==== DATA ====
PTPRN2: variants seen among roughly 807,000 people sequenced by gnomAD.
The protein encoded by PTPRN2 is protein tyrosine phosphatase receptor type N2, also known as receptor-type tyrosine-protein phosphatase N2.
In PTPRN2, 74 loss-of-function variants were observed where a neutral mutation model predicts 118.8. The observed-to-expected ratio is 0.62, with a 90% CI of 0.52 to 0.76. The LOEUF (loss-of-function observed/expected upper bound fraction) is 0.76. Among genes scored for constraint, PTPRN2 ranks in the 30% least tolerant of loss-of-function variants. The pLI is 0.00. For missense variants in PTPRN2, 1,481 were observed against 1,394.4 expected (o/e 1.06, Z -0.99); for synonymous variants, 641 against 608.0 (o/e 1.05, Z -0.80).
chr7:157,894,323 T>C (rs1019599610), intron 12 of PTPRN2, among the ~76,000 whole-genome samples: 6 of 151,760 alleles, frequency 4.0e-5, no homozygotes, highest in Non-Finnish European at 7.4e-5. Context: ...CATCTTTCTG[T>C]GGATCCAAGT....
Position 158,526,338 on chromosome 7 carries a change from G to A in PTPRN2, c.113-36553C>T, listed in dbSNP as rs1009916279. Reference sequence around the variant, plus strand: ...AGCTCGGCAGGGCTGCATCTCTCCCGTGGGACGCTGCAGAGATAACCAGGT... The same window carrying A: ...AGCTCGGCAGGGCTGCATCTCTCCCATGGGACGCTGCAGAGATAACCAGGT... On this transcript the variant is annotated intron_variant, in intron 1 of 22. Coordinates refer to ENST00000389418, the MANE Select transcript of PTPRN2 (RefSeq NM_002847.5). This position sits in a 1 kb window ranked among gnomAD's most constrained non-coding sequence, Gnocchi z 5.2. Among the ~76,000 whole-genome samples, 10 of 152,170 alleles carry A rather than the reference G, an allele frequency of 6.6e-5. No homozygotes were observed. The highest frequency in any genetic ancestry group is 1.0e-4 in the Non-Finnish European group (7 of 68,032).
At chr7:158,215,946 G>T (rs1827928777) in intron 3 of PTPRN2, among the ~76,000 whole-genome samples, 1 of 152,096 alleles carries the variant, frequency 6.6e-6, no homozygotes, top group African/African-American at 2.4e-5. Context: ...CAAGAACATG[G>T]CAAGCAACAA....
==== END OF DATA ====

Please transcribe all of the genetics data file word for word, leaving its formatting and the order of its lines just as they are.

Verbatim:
PTPRN2: variants seen among roughly 807,000 people sequenced by gnomAD.
The protein encoded by PTPRN2 is protein tyrosine phosphatase receptor type N2, also known as receptor-type tyrosine-protein phosphatase N2.
In PTPRN2, 74 loss-of-function variants were observed where a neutral mutation model predicts 118.8. The observed-to-expected ratio is 0.62, with a 90% CI of 0.52 to 0.76. The LOEUF (loss-of-function observed/expected upper bound fraction) is 0.76. Among genes scored for constraint, PTPRN2 ranks in the 30% least tolerant of loss-of-function variants. The pLI is 0.00. For missense variants in PTPRN2, 1,481 were observed against 1,394.4 expected (o/e 1.06, Z -0.99); for synonymous variants, 641 against 608.0 (o/e 1.05, Z -0.80).
chr7:157,894,323 T>C (rs1019599610), intron 12 of PTPRN2, among the ~76,000 whole-genome samples: 6 of 151,760 alleles, frequency 4.0e-5, no homozygotes, highest in Non-Finnish European at 7.4e-5. Context: ...CATCTTTCTG[T>C]GGATCCAAGT....
Position 158,526,338 on chromosome 7 carries a change from G to A in PTPRN2, c.113-36553C>T, listed in dbSNP as rs1009916279. Reference sequence around the variant, plus strand: ...AGCTCGGCAGGGCTGCATCTCTCCCGTGGGACGCTGCAGAGATAACCAGGT... The same window carrying A: ...AGCTCGGCAGGGCTGCATCTCTCCCATGGGACGCTGCAGAGATAACCAGGT... On this transcript the variant is annotated intron_variant, in intron 1 of 22. Coordinates refer to ENST00000389418, the MANE Select transcript of PTPRN2 (RefSeq NM_002847.5). This position sits in a 1 kb window ranked among gnomAD's most constrained non-coding sequence, Gnocchi z 5.2. Among the ~76,000 whole-genome samples, 10 of 152,170 alleles carry A rather than the reference G, an allele frequency of 6.6e-5. No homozygotes were observed. The highest frequency in any genetic ancestry group is 1.0e-4 in the Non-Finnish European group (7 of 68,032).
At chr7:158,215,946 G>T (rs1827928777) in intron 3 of PTPRN2, among the ~76,000 whole-genome samples, 1 of 152,096 alleles carries the variant, frequency 6.6e-6, no homozygotes, top group African/African-American at 2.4e-5. Context: ...CAAGAACATG[G>T]CAAGCAACAA....